Urban fantasy is a minefield full of mind-numbing exposition and ridiculous ideas. Even authors who develop a compelling mythologies – and keep those mythologies straight over the course of several books – can still fail spectacularly. Maybe reader demand keeps the story going long past it’s natural conclusion. Maybe one or more of the characters contracts Anita Blake Syndrome (a fictional STD in which formerly interesting characters are reduced to gooey, sticky piles of sex organs and hormones). Maybe Deus Ex Machina ends up saving the day more often than the hero.
Ever After, the second to last installment in Kim’s Harrison’s Hollows series, veers very closely to a number of these pitfalls but remains a solid installment of the series that I will be genuinely sad to see end.
The series follows Rachel Morgan, the now-infamous witch/demon, and her business partners in Vampiric Charms. Ivy is the prickly, tortured vampire best friend who lured her away from her lackluster government job at the IS (non-human, or “inderland,” law enforcement) and Jenks is the sarcastic pixie sidekick. They set up shop as runners – a job that is part detective and part private security. At least that’s what they used to do before bailing Rachel out of trouble became a full time sort of thing. Although the story takes place in present day, it’s established that the long-hidden existence of supernatural creatures was revealed when genetically altered tomatoes wiped out a substantial portion of the human population. Stepping on that particular butterfly has altered things just enough to create a Cincinnati that is charming in it’s mix of the strange and the hey-I’ve-been-there.
In this installment, Rachel has been framed for disturbing the ley lines which is causing the Ever After to shrink in such a way that it will leave the demons no place to go. She also discovers that Ku’Sox, a lab created demon that is more psychotic than most, is trying to use human babies to create new demons. Can she fix the lines and clear her name? Can she save the babies? Will she win the romantic interest in the end? Well, she’s Rachel fucking Morgan. By book eleven then you already know that the interesting part is not the outcome. She’ll skid into the end of the book by the skin of her teeth like a redheaded Harry Dresden. The part worth reading is how she gets there.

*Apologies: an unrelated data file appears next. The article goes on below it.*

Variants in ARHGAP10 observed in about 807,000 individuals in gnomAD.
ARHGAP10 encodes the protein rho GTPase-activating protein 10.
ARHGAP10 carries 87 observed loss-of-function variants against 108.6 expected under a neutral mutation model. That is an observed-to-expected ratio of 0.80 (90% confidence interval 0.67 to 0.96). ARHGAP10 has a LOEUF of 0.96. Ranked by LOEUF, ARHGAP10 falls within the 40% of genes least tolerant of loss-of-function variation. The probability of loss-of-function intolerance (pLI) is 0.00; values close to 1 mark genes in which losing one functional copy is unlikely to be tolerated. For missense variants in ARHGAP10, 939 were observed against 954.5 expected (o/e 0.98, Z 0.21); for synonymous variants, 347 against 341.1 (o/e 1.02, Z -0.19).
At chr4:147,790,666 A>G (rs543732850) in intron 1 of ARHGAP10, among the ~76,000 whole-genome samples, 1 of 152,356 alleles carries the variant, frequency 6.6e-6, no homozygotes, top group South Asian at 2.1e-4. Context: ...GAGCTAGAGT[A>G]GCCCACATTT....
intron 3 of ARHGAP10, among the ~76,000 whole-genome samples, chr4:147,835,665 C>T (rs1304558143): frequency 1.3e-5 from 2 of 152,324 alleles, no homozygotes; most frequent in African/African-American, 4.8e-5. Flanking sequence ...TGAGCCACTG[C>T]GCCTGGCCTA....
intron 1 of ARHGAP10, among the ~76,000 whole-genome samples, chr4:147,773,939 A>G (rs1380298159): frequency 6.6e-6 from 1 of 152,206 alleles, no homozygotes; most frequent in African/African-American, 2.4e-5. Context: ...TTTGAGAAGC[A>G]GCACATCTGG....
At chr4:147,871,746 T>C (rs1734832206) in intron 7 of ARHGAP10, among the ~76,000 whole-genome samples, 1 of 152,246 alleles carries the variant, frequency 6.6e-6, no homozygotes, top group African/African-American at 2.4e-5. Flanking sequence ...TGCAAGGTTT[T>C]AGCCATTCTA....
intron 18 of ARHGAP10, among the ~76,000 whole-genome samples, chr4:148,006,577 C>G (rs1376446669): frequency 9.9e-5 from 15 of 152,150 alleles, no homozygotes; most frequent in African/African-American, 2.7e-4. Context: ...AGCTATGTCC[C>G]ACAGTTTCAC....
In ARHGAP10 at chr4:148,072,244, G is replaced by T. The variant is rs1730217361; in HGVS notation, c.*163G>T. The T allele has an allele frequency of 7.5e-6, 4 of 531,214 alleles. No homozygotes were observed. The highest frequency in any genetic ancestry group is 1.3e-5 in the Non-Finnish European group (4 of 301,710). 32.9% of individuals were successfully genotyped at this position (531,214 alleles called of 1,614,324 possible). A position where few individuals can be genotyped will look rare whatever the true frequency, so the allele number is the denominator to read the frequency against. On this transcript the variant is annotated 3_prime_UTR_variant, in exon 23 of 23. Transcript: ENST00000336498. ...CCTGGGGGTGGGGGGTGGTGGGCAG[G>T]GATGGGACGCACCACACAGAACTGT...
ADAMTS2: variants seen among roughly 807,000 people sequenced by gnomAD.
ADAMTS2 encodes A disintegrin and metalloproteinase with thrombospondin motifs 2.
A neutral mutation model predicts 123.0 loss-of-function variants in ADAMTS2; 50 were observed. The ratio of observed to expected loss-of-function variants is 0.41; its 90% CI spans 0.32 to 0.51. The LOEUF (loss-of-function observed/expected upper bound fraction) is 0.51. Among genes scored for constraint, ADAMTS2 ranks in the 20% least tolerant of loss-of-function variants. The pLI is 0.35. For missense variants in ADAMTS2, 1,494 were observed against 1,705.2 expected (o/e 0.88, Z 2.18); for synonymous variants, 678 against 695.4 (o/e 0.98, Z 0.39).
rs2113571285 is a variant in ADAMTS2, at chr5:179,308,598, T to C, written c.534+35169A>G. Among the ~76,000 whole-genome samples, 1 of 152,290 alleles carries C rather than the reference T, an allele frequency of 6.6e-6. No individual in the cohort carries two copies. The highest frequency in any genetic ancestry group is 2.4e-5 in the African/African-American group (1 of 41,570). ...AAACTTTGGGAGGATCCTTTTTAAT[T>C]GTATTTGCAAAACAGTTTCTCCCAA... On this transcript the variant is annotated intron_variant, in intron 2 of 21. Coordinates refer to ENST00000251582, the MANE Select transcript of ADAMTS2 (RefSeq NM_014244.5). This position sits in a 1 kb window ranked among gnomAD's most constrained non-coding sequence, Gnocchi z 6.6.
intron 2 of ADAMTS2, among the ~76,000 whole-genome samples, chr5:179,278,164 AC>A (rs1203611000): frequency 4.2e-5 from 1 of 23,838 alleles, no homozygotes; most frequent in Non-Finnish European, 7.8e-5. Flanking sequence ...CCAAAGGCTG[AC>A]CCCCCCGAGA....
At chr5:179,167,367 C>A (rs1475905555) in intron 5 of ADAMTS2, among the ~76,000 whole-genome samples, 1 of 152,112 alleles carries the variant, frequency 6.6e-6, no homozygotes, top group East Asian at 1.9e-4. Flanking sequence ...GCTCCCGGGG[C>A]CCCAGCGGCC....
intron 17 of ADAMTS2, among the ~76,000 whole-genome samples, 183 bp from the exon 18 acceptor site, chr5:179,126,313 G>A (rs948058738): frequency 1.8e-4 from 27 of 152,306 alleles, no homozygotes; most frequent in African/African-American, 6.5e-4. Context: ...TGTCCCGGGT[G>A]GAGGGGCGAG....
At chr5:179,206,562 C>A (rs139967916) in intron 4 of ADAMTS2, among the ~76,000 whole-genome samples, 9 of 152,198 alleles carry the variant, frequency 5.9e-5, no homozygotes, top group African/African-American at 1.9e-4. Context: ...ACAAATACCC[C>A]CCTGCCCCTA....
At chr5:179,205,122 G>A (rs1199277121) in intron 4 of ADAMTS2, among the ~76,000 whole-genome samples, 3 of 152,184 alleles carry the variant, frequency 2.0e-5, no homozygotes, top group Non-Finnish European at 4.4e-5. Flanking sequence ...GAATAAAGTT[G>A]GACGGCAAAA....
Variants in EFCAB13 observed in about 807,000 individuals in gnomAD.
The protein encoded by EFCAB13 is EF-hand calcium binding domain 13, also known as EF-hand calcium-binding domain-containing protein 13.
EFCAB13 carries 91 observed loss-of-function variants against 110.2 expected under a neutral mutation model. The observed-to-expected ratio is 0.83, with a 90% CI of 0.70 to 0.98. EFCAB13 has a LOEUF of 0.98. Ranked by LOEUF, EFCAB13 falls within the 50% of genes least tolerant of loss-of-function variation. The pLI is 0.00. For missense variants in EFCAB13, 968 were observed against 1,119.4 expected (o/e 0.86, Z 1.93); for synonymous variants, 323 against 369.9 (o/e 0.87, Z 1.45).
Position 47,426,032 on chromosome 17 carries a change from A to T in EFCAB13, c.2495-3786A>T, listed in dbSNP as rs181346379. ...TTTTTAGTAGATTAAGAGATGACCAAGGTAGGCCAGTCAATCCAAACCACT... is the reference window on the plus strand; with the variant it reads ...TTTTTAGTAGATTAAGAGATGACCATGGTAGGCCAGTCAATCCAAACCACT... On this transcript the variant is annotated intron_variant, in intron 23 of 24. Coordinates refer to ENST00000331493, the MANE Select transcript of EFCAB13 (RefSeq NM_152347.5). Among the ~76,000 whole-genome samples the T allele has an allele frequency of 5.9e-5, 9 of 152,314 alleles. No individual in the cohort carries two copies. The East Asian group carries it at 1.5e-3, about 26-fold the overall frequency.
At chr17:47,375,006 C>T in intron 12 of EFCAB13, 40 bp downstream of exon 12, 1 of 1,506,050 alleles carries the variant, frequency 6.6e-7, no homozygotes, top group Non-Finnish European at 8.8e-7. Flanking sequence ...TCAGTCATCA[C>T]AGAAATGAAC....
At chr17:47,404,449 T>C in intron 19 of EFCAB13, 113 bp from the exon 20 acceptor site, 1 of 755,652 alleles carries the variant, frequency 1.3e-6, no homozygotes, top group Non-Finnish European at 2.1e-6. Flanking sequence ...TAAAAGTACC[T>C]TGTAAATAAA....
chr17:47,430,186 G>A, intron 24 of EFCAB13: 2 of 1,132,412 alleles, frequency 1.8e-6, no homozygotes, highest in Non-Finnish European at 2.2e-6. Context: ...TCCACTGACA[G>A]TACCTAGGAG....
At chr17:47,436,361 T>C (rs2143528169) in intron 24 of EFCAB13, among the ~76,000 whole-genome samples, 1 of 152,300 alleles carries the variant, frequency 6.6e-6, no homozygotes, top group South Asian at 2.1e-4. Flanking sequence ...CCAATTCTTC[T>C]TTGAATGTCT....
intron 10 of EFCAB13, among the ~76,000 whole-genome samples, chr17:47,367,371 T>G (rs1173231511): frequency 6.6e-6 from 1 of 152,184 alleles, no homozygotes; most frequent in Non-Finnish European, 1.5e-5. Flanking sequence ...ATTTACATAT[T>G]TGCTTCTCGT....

Rachel has always been the main draw of the Hollows series. By this point in the series, she ought be insufferable. She ought to be the Wesley Crusher of Cincinnati. In addition to being a super special one-of-a-kind magical being, she’s the daughter of a famous rock star. The most powerful man in Cincinnati casually invites her for tea. Former presidents drop by her kitchen. The scariest demons grant her audiences. She’s recognized in the street in both the real world and the Ever After as the famous/infamous Rachel Morgan. She uses black magic with impunity. She can be a hypocrite and sometimes kind of an ass. Yet, Harrison writes her in such a way that she remains mostly relatable if not likable. Sure, 90 percent of her problems are her own damn fault but I’m still rooting for her.
Harrison’s supporting characters is equally well-written. The cast has grown substantially since Dead Witch Walking, and she wisely takes regular opportunities to clear the decks. Some exits are jarring, but never in a way that feels inorganic. The ebb and flow of Rachel’s relationships is realistic, and the way Harrison handles this is probably one of my favorite things about this series. The ongoing friction in Ivy and Rachel’s friendship is a nice change from the tired instant-best-friends trope that appears in so many female centric series. Alliances in the Hollows universe are rarely easy. Case in point: Al and Trent teaming up against Nick would have seemed ludicrous early on in the series, but since both characters have made the transition from one-off villain to beloved regular it seems entirely reasonable and plausible.
Even though Harrison’s characters have all grown, it’s becoming clear that The Hollows can’t continue this way indefinitely. In some ways, the air is already starting to feel stale. Ivy has been spinning her wheels for awhile now. Rachel’s continued protests about her moral integrity are exhausting. It’s obvious she’s meant to end up with Trent. Frankly, Rachel is lucky more often than she is good and the fact that she continues to save the day is starting to get ridiculous. It’s time to wrap things up.
Harrison, Kim. Ever After. 2013. HarperCollins, New York, NY.